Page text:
25. Performance Tip 15.2 • Avoid using recursion in situations requiring high performance. Recursive calls take time and consume additional memory.

  26. Common Programming Error 15.2 • Accidentally having a nonrecursive method call itself either directly or indirectly through another method can cause infinite recursion.

  27. 15.7 Towers of Hanoi • Classic problem – Priests in Far East are attempting to move a stack of disks from one peg to another. One disk must be moved at a time, at no time may a larger disk be placed above a smaller disk • Recursive solution: • Move n – 1 disks from peg 1 to peg 2, using peg 3 as temporary holding area • Move the last disk (the largest) from peg 1 to peg 3 • Move the n – 1 disks from peg 2 to peg 3, using peg 1 as a temporary holding area • Base case: When only one disk needs to be moved – no temporary holding area needed, disk is simply moved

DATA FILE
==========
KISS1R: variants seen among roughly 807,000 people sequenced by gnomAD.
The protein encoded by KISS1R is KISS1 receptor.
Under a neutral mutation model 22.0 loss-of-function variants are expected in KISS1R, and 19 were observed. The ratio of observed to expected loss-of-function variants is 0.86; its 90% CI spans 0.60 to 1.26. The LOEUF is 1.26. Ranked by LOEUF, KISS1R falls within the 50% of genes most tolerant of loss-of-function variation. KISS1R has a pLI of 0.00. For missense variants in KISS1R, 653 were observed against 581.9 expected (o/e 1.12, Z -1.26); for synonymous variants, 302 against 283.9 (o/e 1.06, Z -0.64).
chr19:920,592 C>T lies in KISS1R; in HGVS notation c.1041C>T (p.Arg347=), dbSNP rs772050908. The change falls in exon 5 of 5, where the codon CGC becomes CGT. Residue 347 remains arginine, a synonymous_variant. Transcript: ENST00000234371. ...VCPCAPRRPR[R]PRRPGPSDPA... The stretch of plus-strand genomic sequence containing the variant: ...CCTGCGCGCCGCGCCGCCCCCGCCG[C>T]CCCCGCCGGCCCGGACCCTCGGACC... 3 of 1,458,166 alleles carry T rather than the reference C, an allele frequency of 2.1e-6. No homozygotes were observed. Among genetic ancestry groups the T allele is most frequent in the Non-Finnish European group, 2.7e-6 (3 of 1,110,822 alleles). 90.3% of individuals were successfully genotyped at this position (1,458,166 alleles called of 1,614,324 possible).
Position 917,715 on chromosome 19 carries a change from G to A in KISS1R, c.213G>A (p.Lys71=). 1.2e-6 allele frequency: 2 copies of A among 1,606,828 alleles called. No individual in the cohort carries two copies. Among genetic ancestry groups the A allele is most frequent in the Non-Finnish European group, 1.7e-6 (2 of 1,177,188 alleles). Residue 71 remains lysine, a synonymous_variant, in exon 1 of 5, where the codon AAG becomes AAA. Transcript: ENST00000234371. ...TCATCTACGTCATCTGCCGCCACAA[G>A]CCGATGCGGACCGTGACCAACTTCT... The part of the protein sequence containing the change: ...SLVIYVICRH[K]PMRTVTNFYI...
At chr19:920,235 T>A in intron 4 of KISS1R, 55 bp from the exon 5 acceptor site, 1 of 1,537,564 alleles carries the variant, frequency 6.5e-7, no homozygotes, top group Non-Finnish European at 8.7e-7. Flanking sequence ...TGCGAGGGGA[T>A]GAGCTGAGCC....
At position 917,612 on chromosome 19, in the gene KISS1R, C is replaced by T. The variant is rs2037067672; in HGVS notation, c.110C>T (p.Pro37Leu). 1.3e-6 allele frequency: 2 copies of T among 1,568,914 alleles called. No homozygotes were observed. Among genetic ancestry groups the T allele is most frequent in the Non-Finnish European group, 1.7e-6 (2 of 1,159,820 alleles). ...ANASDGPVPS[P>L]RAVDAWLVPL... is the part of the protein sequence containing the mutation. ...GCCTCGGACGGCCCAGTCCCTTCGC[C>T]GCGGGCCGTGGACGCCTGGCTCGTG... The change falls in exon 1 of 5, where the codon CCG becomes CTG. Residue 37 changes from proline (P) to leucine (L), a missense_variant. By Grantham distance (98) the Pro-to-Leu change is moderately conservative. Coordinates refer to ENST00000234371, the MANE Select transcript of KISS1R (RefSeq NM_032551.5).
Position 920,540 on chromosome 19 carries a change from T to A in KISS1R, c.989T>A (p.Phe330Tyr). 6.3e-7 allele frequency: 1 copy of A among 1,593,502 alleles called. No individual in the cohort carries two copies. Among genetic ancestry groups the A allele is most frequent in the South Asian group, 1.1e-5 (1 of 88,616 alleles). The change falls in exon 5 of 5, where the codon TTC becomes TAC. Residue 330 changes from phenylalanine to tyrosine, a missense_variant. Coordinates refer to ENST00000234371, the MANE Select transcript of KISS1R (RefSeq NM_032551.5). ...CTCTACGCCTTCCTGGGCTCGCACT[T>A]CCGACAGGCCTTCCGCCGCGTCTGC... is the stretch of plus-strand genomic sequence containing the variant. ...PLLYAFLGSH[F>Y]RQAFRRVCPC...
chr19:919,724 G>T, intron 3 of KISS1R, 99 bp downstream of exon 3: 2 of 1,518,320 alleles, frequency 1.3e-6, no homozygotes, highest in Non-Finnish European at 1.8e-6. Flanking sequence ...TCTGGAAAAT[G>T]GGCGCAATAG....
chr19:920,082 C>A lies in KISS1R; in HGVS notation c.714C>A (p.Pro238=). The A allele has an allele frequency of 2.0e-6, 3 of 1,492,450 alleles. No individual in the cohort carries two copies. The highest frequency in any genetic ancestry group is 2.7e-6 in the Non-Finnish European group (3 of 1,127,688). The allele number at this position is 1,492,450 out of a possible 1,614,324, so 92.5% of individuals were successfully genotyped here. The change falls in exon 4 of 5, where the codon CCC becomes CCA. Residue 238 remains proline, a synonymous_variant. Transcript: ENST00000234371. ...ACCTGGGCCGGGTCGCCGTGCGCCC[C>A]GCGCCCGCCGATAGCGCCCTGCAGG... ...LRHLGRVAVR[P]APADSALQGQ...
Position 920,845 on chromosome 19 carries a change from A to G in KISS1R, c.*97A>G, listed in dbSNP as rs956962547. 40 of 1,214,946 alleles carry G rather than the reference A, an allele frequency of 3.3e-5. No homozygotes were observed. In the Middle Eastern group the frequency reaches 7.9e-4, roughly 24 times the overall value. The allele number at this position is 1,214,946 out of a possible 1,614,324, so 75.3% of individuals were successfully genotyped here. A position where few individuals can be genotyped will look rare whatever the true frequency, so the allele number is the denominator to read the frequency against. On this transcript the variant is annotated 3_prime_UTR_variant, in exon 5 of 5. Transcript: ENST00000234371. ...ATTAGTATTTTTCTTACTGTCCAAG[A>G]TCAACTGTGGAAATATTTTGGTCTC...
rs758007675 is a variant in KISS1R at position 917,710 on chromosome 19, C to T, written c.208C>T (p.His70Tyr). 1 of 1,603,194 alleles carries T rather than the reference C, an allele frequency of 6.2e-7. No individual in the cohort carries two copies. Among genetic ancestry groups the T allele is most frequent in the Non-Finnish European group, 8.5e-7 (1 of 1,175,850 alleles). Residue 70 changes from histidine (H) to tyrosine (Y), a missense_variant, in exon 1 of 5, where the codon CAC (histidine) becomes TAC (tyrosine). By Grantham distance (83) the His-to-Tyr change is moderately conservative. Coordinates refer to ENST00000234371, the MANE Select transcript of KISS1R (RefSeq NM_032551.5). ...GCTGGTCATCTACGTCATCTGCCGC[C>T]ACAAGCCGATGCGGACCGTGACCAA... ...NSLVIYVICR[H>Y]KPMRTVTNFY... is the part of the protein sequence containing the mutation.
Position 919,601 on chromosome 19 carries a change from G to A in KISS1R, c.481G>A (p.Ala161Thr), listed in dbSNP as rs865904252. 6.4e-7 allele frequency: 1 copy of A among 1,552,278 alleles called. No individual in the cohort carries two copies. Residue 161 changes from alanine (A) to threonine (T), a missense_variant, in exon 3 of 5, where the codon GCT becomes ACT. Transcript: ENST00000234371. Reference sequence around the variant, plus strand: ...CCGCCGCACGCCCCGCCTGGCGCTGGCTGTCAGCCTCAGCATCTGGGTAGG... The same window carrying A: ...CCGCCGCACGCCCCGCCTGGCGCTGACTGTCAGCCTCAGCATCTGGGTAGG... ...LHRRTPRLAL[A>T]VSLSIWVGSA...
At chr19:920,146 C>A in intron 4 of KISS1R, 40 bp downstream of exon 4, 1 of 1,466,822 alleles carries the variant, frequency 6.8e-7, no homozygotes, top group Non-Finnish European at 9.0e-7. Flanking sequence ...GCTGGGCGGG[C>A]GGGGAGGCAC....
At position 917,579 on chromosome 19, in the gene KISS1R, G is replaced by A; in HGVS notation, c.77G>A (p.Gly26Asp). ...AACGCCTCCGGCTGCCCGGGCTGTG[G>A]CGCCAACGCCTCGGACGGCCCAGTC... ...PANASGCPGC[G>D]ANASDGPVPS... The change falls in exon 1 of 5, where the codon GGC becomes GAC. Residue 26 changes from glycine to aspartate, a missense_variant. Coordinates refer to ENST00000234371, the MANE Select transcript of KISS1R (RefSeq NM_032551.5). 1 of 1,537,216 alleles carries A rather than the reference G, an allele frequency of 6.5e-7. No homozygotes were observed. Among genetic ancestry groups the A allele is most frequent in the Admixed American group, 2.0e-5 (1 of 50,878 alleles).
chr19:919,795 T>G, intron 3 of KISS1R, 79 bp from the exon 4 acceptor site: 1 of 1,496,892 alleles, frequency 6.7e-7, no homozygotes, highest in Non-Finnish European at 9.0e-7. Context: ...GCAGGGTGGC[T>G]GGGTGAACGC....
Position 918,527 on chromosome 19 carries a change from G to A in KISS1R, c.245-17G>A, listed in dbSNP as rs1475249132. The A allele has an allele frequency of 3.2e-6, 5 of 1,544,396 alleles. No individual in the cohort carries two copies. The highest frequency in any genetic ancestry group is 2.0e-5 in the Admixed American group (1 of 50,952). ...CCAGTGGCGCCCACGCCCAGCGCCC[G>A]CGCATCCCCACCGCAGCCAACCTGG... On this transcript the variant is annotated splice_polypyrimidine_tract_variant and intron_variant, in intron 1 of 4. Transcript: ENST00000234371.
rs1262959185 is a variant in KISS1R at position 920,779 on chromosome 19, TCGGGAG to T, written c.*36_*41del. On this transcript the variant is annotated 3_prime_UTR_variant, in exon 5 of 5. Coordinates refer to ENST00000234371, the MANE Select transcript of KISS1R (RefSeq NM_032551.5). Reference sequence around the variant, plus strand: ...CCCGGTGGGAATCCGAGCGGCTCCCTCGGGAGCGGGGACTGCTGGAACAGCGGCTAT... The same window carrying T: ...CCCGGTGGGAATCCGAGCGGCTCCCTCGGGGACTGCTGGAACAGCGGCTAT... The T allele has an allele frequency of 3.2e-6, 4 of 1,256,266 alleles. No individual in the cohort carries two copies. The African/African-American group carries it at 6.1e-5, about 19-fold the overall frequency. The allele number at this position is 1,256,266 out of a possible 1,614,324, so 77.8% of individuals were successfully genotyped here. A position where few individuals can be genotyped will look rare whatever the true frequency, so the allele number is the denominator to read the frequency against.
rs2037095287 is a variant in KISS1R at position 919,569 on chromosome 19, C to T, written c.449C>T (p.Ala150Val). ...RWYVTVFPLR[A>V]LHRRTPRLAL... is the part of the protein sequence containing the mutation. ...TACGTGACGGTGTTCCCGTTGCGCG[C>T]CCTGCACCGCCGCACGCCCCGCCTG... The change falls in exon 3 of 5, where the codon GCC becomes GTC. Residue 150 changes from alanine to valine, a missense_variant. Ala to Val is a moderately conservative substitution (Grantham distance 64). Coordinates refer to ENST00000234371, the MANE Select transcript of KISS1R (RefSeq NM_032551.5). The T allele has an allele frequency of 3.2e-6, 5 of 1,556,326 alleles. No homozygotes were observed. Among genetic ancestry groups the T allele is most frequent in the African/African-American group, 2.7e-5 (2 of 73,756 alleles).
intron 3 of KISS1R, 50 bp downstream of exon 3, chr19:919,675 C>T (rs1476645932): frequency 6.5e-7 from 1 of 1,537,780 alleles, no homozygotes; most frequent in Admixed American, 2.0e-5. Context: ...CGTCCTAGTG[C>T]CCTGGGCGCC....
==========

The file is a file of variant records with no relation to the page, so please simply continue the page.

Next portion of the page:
28. Fig. 15.12 | Towers of Hanoi for the case with four disks.

  29. Base case: Simply display move

  30. Move last disk from peg 1 to peg 3 Use peg 1 as temporary holding area Use peg 3 as temporary holding area Move n-1 disks from peg 1 to peg 2 Move n-1 disks from peg 2 to peg 3

  31. Make initial call to recursive method

  32. 15.8 Fractals • Fractal – a geometric figure that often can be generated from a pattern repeated recursively an infinite number of times • Pattern applied to each segment of original figure • Benoit Mandelbrot introduced term “fractal,” along with specifics of how fractals are created and their practical applications • Help us better understand patterns in nature, the human body and the universe • Popular art form